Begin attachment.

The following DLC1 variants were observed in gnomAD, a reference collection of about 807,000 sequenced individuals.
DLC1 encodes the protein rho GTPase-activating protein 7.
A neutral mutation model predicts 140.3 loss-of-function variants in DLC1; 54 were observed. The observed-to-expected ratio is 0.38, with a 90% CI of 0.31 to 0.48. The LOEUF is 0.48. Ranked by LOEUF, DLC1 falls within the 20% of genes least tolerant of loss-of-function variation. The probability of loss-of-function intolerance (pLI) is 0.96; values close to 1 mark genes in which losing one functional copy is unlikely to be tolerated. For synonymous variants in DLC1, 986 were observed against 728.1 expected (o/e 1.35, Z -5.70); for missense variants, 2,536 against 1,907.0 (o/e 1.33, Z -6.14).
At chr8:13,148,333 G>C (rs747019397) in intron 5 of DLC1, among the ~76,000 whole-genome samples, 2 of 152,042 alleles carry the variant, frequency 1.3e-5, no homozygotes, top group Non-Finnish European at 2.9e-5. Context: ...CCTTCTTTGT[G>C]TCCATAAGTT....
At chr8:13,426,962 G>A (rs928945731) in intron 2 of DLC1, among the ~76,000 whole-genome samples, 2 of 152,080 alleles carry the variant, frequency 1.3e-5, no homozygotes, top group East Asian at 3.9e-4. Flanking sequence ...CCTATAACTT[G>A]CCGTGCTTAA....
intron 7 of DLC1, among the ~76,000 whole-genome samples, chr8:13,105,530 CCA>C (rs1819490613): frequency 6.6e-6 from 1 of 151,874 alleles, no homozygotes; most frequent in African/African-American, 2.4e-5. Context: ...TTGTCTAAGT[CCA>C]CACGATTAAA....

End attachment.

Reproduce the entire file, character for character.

The following DLC1 variants were observed in gnomAD, a reference collection of about 807,000 sequenced individuals.
DLC1 encodes the protein rho GTPase-activating protein 7.
A neutral mutation model predicts 140.3 loss-of-function variants in DLC1; 54 were observed. The observed-to-expected ratio is 0.38, with a 90% CI of 0.31 to 0.48. The LOEUF is 0.48. Ranked by LOEUF, DLC1 falls within the 20% of genes least tolerant of loss-of-function variation. The probability of loss-of-function intolerance (pLI) is 0.96; values close to 1 mark genes in which losing one functional copy is unlikely to be tolerated. For synonymous variants in DLC1, 986 were observed against 728.1 expected (o/e 1.35, Z -5.70); for missense variants, 2,536 against 1,907.0 (o/e 1.33, Z -6.14).
At chr8:13,148,333 G>C (rs747019397) in intron 5 of DLC1, among the ~76,000 whole-genome samples, 2 of 152,042 alleles carry the variant, frequency 1.3e-5, no homozygotes, top group Non-Finnish European at 2.9e-5. Context: ...CCTTCTTTGT[G>C]TCCATAAGTT....
At chr8:13,426,962 G>A (rs928945731) in intron 2 of DLC1, among the ~76,000 whole-genome samples, 2 of 152,080 alleles carry the variant, frequency 1.3e-5, no homozygotes, top group East Asian at 3.9e-4. Flanking sequence ...CCTATAACTT[G>A]CCGTGCTTAA....
intron 7 of DLC1, among the ~76,000 whole-genome samples, chr8:13,105,530 CCA>C (rs1819490613): frequency 6.6e-6 from 1 of 151,874 alleles, no homozygotes; most frequent in African/African-American, 2.4e-5. Context: ...TTGTCTAAGT[CCA>C]CACGATTAAA....